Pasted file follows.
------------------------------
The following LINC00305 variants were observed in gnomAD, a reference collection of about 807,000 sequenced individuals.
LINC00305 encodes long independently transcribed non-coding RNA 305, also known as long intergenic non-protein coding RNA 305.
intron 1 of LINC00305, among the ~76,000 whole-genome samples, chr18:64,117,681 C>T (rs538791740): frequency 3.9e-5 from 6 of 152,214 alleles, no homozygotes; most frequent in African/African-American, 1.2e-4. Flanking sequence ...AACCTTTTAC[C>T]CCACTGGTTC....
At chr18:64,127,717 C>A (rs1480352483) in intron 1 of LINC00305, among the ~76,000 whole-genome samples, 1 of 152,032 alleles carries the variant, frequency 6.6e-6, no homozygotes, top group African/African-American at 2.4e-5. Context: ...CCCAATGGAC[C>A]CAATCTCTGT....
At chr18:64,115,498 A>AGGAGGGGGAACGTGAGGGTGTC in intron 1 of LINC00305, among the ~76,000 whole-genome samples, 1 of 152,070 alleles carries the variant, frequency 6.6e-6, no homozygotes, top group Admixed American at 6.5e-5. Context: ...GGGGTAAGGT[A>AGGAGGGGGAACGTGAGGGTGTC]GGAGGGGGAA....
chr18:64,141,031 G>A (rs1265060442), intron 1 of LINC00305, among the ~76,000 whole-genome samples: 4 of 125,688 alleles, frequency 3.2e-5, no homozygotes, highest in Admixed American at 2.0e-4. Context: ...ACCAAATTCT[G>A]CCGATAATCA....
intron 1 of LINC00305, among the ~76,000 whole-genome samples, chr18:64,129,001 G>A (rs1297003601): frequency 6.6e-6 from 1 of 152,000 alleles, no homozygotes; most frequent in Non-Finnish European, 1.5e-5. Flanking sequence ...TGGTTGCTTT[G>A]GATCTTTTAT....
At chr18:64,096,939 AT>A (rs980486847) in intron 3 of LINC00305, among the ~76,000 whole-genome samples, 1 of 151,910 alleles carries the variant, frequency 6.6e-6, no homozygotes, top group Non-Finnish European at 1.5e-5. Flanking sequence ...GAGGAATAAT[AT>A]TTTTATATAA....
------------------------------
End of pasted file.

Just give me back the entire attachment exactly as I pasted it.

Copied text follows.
The following LINC00305 variants were observed in gnomAD, a reference collection of about 807,000 sequenced individuals.
LINC00305 encodes long independently transcribed non-coding RNA 305, also known as long intergenic non-protein coding RNA 305.
intron 1 of LINC00305, among the ~76,000 whole-genome samples, chr18:64,117,681 C>T (rs538791740): frequency 3.9e-5 from 6 of 152,214 alleles, no homozygotes; most frequent in African/African-American, 1.2e-4. Flanking sequence ...AACCTTTTAC[C>T]CCACTGGTTC....
At chr18:64,127,717 C>A (rs1480352483) in intron 1 of LINC00305, among the ~76,000 whole-genome samples, 1 of 152,032 alleles carries the variant, frequency 6.6e-6, no homozygotes, top group African/African-American at 2.4e-5. Context: ...CCCAATGGAC[C>A]CAATCTCTGT....
At chr18:64,115,498 A>AGGAGGGGGAACGTGAGGGTGTC in intron 1 of LINC00305, among the ~76,000 whole-genome samples, 1 of 152,070 alleles carries the variant, frequency 6.6e-6, no homozygotes, top group Admixed American at 6.5e-5. Context: ...GGGGTAAGGT[A>AGGAGGGGGAACGTGAGGGTGTC]GGAGGGGGAA....
chr18:64,141,031 G>A (rs1265060442), intron 1 of LINC00305, among the ~76,000 whole-genome samples: 4 of 125,688 alleles, frequency 3.2e-5, no homozygotes, highest in Admixed American at 2.0e-4. Context: ...ACCAAATTCT[G>A]CCGATAATCA....
intron 1 of LINC00305, among the ~76,000 whole-genome samples, chr18:64,129,001 G>A (rs1297003601): frequency 6.6e-6 from 1 of 152,000 alleles, no homozygotes; most frequent in Non-Finnish European, 1.5e-5. Flanking sequence ...TGGTTGCTTT[G>A]GATCTTTTAT....
At chr18:64,096,939 AT>A (rs980486847) in intron 3 of LINC00305, among the ~76,000 whole-genome samples, 1 of 151,910 alleles carries the variant, frequency 6.6e-6, no homozygotes, top group Non-Finnish European at 1.5e-5. Flanking sequence ...GAGGAATAAT[AT>A]TTTTATATAA....